In Hospitals and Health Networks Weekly, Healthcare futurist Joe Flower offers a provocative essay on innovation in the health industry in his article Something Wizard this Way Comes. He explains how new business models and technologies are leading the way toward better, faster, cheaper healthcare. Most importantly, he explains why much of this innovation is not coming from the usual players in the industry.
I believe Joe is right. Not only is change being forced by an economic need for better, faster, cheaper healthcare; it is being driven by consumers who are demanding something better. It is also being driven by a new generation of young professionals who are increasingly impatient with a status quo that doesn’t fit their digital lifestyle.
Someone who personifies this new generation is my colleague, Dr. Jay Parkinson. Jay is probably best known for his early involvement with a new model for medical practice called Hello Health. Here’s what Jay told me about what inspired him to invent Hello Health when he appeared as a guest on our monthly, on-line video program, Microsoft Health Tech Today.
Another example of young professionals rocking the boat is illustrated by the founders of ZocDoc. Frustrated by their own challenges with scheduling a doctor’s visit, these guys came up with a solution that lets consumers find a doctor and schedule their appointments on-line. The service also offers an opportunity to provide feedback on the perceived quality of your doctor visit; feedback that might be helpful to others. But perhaps most importantly, the system exposes unused and available capacity in a physician’s schedule, something that will become extremely important as millions more patients try to access care under health reform. Here is a comment about that from Dr. Oliver Kharraz when he appeared in the most recent installment of Health Tech Today.
But it’s not just the young professionals who are turning the tide. Sometimes it’s old dogs with new tricks. One example comes from my friend and colleague Dr. Patricia Gabow, CEO of one of the largest public health systems in the nation, Denver Health. Dr. Gabow has won accolades for turning her organization around with quality improvement initiatives, many of which came from studying best practices in other industries. Here’s a comment from Dr. Gabow, who also appeared recently on Health Tech Today. She explains how a visit to FedEx changed the mindset of one of her recalcitrant physician leaders.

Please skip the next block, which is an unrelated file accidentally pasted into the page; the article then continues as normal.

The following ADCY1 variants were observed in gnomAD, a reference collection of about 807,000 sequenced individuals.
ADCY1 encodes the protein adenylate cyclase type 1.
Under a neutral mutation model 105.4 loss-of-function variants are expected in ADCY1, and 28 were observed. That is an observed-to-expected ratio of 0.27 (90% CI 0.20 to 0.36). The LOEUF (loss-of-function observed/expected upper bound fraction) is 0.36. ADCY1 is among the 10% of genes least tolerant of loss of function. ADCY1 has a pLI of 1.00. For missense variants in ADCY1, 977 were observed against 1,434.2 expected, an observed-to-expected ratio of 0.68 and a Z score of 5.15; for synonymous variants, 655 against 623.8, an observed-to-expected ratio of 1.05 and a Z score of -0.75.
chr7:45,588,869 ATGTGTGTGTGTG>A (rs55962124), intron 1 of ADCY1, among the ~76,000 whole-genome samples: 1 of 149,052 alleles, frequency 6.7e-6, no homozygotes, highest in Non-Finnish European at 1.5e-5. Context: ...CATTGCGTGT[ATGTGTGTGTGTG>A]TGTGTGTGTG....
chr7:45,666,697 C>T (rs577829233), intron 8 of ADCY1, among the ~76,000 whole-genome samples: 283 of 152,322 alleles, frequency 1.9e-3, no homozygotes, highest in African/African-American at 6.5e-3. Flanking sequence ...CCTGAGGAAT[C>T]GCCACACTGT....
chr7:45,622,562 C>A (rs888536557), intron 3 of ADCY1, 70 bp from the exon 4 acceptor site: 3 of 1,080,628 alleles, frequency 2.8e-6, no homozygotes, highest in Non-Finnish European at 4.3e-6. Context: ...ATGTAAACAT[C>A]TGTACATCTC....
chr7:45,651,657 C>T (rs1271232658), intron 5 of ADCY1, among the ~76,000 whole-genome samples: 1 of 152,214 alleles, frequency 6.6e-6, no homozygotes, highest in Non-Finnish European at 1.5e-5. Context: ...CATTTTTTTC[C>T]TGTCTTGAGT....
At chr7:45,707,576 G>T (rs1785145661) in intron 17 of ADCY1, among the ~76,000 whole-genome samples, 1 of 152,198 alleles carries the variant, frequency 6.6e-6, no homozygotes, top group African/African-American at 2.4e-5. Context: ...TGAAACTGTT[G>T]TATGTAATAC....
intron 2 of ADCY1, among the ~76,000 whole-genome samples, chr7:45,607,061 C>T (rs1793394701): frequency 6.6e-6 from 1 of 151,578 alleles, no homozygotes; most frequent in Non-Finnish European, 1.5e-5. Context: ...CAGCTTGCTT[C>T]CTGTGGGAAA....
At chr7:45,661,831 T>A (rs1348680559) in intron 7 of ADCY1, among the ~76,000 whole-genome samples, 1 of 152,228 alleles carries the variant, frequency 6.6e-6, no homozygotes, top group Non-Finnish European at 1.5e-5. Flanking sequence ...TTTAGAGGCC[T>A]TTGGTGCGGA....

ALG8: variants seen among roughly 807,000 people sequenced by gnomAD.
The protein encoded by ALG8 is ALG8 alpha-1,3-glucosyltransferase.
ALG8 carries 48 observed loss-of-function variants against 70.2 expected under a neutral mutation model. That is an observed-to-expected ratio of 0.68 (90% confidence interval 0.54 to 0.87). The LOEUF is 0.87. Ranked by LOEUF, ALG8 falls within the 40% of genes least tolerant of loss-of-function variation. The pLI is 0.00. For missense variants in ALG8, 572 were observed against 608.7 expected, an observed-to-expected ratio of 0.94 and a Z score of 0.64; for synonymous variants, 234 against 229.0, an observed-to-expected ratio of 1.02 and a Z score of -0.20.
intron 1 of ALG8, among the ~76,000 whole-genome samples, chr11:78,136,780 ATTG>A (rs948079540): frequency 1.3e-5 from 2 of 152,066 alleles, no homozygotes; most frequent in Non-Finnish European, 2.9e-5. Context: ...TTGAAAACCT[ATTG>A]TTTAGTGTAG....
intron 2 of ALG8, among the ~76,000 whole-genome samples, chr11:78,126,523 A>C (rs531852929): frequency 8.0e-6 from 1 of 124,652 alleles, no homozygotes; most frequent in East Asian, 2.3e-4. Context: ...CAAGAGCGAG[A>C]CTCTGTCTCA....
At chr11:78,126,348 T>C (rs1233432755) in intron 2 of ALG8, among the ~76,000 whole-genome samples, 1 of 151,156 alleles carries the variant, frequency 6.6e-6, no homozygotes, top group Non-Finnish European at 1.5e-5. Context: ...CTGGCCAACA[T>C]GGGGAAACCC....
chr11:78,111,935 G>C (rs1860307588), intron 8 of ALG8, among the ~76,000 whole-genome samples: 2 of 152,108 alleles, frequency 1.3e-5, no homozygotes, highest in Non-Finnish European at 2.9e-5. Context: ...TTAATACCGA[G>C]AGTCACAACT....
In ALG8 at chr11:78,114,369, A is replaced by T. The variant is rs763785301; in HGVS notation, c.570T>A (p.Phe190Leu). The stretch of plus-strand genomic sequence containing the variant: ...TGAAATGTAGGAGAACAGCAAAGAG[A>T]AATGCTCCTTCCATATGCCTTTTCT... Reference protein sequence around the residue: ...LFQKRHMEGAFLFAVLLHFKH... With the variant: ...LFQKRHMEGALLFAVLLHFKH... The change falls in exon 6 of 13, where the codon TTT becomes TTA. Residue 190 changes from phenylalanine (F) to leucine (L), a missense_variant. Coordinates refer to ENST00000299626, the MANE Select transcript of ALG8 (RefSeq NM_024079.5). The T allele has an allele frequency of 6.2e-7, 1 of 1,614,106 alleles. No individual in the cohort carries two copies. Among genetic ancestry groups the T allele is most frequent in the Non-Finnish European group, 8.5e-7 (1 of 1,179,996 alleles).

There are plenty of other examples out there, like the patient flow and quality initiatives at Virginia Mason Medical Center (see full interview on Health Tech Today) or innovative ideas on patient home monitoring from companies like MyHalo. Or, how about the disease management initiatives underway at the Mayo Clinic using Mayo Clinic Health Manager powered by Microsoft HealthVault. And there is also much to be learned by studying best practices overseas. One of the truly stellar examples of that was revealed in my recent interview with Curtis Schroeder, CEO of Bumrungrad International Hospital in Bangkok, Thailand. Here is a clip from that interview.
You can keep up with many of the breakthroughs and innovations in the health and healthcare industries by becoming a regular viewer of Microsoft Health Tech Today. We look forward to sharing many more stories as we finish out our first season next month and prepare for a new season of programs next fall.
Bill Crounse, MD Senior Director, Worldwide Health Microsoft
Great collection of videos showing how these folks are taking the initiative to deliver a better quality of care to patients with the resources they have. The video about the digital doctor - Dr. Jay Parkinson (http://jayparkinsonmd.com/) is fascinating. I remember reading about Dr. Jay's creativity in this initiative in an issue of Fast Company last year.
My thought is if this initiative takes off and digital doctor's clinics emerge and hospitals start treating some patients digitally the enforcement and adherence to a consistent set of policies would be a must.